Weekly Load Shedding Predicted for the Next Year

Eskom, South Africa’s power utility, has projected load shedding for each week in the upcoming year, assuming a worst-case scenario of outages (planned and unplanned) exceeding 17,000 MW. In this article, we’ll examine the reasons behind the concerning forecast and possible solutions to minimize load shedding in the long term.

The Red Alert Table

Eskom’s latest forecast is based on a table featuring various colors, representing the adequacy of generation (or supply) to meet demand. Red is a worst-case scenario, with shortages of over 2,100 MW. Yellow signifies less than 1,000 MW of unavailable supply, and orange implies a shortfall of 1,100 MW to 2,000 MW.

Unfortunately, the table is predominantly red, and Eskom expects outages to surpass 17,000 MW.

Contradictions and Assumptions

These forecasts contradict some politicians’ claims of improved energy generation, including Mineral Resources and Energy Minister Gwede Mantashe and Finance Minister Enoch Godongwana. However, it’s important to note that the forecasts don’t specify when load shedding will occur or its stages. The predictions are based on assumptions, meaning actual outages could be higher or lower than expected.

Blackout Risks and Bringing Balance

According to energy analyst Chris Yelland, implementing load shedding indicates that demand and supply are being balanced, minimizing the risk of blackouts. However, to reduce load shedding in the long term, supply must be increased. This can be done in two ways:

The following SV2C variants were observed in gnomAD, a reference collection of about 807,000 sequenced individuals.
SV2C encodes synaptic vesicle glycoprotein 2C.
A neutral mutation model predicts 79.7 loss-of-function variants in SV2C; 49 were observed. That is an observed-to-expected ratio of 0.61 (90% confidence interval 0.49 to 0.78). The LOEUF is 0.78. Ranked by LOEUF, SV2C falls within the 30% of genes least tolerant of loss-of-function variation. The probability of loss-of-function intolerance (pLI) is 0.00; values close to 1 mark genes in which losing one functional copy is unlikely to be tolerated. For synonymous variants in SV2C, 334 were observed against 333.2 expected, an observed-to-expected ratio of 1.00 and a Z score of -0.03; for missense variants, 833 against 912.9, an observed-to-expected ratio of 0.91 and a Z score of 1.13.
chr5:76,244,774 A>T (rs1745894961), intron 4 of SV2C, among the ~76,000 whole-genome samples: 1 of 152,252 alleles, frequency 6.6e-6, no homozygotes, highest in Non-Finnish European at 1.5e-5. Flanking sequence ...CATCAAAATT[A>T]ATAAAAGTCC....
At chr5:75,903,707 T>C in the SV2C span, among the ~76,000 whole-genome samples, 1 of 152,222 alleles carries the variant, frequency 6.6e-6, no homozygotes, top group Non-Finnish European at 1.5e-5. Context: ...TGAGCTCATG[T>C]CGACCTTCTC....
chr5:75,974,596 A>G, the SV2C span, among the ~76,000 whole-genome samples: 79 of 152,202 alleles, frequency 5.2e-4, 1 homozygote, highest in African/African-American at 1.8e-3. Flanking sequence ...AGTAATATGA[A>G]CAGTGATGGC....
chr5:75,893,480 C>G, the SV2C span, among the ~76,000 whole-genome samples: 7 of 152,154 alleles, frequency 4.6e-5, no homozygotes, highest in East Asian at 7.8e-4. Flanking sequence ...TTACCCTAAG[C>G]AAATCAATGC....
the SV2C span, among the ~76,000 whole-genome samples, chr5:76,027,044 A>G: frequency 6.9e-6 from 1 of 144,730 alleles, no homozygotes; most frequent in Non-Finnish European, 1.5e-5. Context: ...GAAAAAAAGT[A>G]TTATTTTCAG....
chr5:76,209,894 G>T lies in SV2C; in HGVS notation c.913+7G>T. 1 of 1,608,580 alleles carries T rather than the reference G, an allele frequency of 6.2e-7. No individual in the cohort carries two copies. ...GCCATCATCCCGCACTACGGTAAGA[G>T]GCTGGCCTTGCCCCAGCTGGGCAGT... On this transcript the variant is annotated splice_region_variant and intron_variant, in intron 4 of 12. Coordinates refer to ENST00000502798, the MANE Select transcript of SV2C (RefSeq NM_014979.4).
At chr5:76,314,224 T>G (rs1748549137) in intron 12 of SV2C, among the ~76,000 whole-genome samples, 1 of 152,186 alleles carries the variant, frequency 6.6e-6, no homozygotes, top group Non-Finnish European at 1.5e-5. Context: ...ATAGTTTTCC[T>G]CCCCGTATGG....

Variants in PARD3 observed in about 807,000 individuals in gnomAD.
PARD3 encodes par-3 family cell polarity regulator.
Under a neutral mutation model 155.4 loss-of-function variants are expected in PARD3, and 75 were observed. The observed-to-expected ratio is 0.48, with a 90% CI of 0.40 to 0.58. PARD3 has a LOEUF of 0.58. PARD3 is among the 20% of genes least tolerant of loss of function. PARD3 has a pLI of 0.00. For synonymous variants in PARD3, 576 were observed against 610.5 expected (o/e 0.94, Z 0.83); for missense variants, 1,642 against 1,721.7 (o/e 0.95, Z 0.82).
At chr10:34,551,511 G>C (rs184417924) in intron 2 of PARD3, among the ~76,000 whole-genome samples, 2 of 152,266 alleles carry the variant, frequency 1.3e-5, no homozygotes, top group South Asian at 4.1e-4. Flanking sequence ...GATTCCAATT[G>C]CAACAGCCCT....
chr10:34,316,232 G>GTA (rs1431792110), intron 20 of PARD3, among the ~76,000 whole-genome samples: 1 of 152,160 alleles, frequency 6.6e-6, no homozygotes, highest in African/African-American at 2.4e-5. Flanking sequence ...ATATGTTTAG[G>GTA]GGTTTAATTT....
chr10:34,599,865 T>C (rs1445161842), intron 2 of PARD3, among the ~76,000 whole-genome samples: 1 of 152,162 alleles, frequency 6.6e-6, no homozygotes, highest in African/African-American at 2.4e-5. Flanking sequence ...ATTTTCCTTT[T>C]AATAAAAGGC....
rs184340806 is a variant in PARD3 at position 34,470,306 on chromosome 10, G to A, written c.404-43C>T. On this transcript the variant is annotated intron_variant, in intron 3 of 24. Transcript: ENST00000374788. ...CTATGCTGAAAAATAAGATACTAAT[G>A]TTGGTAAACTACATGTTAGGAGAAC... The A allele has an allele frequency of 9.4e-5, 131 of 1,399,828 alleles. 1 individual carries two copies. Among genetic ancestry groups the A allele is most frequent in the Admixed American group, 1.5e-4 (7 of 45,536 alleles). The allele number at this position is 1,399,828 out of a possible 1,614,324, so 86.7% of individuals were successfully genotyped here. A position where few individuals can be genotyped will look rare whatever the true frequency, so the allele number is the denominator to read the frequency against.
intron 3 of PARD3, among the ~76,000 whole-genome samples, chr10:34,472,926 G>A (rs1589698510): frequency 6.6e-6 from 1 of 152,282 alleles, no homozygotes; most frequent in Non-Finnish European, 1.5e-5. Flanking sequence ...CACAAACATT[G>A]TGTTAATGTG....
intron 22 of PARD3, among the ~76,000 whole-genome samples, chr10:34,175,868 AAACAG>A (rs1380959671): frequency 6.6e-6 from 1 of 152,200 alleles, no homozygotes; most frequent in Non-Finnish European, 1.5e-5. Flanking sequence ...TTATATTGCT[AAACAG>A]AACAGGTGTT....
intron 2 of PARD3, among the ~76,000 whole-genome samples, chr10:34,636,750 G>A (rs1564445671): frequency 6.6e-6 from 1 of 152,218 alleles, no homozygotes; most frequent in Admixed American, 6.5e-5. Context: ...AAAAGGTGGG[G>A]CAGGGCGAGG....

1. Fixing existing broken generating units, which is a challenging task due to multiple factors, such as old and damaged equipment, lack of spares, and ongoing repairs.
  2. Building new power plants and ensuring their proper performance, unlike underperforming plants like Medupi and Kusile.

Factors Contributing to Load Shedding

Also Read:   Eskom's Over-Shedding Practice Disrupts Energy Stability in Some South African Cities

Yelland stated that technical reasons, corruption, maladministration, and sabotage contribute to the increased load shedding South Africa experiences. Eskom’s red forecast is compared to an unserviced fleet of cars running a taxi service.

Solutions to Reduce Load Shedding

Reducing the risk of load shedding necessitates several changes:

  • Streamlining procurement processes for spares to fix Eskom’s fleet.
  • Strengthening the grid to support new renewable energy projects.
  • Implementing short-term solutions like leveraging existing grid capacity, connecting renewables at decommissioned coal sites, and increasing rooftop solar generation.

The Importance of Grid Strengthening

Strengthening the grid is crucial for addressing load shedding, as new generation capacity requires power lines and substations. Grid constraints are present in various parts of South Africa, and investment has been diverted from the grid toward underperforming plants like Medupi and Kusile.

The Just Energy Transition Partnership and other sources of climate finance will play a key role in raising the necessary R235 billion to R372 billion for new transmission infrastructure over the next 10-12 years.